There’s no better conversation starter than the auroral displays that frequent earth’s polar regions. They’re as beautiful as any priceless work of art, and like all great art, they have something to tell us.
Don’t book a room anywhere near Santa’s workshop if your goal is to observe the northern lights overhead. The aurora usually appear as a ring around the earth’s magnetic poles, called an auroral oval, with a diameter of about 2,500 miles. Consider a visit to Alaska, Denmark, or Iceland if it’s straight-up amazing light shows you’re looking for.
To mid-latitude dwellers in both the northern and southern hemispheres, the aurora may seem strange, even supernatural. A rare sight in the lower forty-eight, these dazzling displays nonetheless send a powerful message to the people of Earth by way of our northern brothers and sisters – that there’s more to our relationship with the sun than a nice afternoon at the beach. Much more.
The International Space Station was 253 miles above British Columbia on January 20, 2016 when a crewmember captured this breathtaking image of an auroral display over northern Canada. Barely five percent of the world’s population has directly observed an aurora. It’s not that they are terribly rare events, it’s just that they only form where the solar wind interacts with the poles of Earth’s magnetosphere. It’s pretty cold there, and for some reason everybody wants to live where it’s warm.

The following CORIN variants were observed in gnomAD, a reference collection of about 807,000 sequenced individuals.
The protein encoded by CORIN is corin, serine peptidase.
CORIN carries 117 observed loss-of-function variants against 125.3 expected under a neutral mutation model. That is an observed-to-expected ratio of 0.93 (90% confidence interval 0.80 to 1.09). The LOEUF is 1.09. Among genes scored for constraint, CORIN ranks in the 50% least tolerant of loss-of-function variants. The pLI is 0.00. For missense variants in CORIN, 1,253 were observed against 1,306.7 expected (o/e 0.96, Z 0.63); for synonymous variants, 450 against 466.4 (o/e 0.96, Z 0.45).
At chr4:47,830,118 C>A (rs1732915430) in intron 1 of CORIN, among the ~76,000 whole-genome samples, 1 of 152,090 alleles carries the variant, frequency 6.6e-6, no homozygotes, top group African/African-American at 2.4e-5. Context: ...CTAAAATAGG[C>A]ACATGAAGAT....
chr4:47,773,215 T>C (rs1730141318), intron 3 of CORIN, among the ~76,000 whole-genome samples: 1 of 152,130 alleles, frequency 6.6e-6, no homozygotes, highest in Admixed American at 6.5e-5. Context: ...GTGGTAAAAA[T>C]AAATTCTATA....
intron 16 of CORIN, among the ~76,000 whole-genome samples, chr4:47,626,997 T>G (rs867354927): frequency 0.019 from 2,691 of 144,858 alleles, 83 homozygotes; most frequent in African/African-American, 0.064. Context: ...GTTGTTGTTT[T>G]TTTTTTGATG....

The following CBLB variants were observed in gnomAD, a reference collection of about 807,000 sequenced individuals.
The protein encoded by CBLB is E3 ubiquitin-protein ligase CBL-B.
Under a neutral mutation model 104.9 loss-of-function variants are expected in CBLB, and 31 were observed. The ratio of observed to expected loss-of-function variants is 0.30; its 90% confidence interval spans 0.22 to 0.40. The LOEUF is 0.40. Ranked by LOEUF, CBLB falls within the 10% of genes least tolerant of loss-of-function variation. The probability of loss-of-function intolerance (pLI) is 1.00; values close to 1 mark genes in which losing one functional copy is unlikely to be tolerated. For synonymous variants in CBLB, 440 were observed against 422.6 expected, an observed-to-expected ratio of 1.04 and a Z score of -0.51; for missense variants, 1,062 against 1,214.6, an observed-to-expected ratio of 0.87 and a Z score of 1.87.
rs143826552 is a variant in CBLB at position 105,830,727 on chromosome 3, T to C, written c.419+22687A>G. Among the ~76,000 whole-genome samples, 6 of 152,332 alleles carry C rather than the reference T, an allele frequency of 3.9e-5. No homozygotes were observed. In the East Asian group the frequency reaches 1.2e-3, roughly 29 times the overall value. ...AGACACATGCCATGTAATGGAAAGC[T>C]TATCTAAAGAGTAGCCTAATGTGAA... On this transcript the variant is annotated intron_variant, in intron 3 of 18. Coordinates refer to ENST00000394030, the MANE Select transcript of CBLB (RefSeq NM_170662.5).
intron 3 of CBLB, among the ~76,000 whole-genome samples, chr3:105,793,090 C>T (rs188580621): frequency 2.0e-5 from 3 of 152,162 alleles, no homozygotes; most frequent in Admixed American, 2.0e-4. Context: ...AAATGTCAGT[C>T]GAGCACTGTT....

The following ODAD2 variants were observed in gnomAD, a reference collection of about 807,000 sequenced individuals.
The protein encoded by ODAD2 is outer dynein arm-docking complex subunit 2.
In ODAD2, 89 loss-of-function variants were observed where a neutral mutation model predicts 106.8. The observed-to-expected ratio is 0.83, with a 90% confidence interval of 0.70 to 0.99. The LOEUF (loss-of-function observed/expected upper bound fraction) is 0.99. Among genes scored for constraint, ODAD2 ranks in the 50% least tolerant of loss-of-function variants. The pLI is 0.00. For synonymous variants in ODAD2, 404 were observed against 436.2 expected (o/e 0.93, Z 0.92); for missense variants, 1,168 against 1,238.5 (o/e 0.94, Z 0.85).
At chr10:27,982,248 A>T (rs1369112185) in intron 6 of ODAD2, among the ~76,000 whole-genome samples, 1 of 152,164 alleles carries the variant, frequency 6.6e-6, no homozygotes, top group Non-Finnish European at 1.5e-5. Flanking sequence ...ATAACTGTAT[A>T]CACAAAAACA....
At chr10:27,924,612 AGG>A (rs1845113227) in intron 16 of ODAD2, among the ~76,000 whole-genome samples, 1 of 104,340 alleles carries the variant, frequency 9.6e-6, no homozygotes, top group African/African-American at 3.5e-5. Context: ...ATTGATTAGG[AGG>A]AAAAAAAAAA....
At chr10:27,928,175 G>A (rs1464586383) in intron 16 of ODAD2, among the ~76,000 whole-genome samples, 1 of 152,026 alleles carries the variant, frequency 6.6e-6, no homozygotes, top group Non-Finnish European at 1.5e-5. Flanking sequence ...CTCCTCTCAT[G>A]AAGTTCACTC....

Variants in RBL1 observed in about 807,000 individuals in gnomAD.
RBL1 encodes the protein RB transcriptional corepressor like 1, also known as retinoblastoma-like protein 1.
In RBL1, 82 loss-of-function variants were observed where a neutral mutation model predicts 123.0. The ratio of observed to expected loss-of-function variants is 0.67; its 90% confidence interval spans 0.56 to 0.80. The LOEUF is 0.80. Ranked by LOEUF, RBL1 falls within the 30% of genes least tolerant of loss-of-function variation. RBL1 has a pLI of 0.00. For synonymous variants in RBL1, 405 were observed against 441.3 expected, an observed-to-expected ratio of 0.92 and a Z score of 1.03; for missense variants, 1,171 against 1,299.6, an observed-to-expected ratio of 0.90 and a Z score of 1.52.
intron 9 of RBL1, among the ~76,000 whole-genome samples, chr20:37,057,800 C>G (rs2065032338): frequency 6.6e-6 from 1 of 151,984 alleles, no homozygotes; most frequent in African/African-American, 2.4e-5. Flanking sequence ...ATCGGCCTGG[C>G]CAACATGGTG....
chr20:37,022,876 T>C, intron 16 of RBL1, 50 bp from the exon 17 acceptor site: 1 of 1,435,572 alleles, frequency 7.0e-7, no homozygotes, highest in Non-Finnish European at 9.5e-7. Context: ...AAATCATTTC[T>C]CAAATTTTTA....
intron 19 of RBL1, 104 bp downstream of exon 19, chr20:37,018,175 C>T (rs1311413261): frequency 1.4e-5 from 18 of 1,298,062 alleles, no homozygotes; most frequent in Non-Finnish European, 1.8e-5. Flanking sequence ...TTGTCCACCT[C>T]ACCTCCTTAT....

Believe it or not the ISS was over the North/South Carolina state line when a crew member captured this shot of the Northern Lights on August 3, 2016. That’s Lake Erie on the US/Canada border in the foreground, flanked by Detroit to the left, Toronto to the right, and Cleveland at bottom center. The Auroral display itself is several hundred miles further north. A good telephoto lens at an altitude of 250 miles can really shrink the world.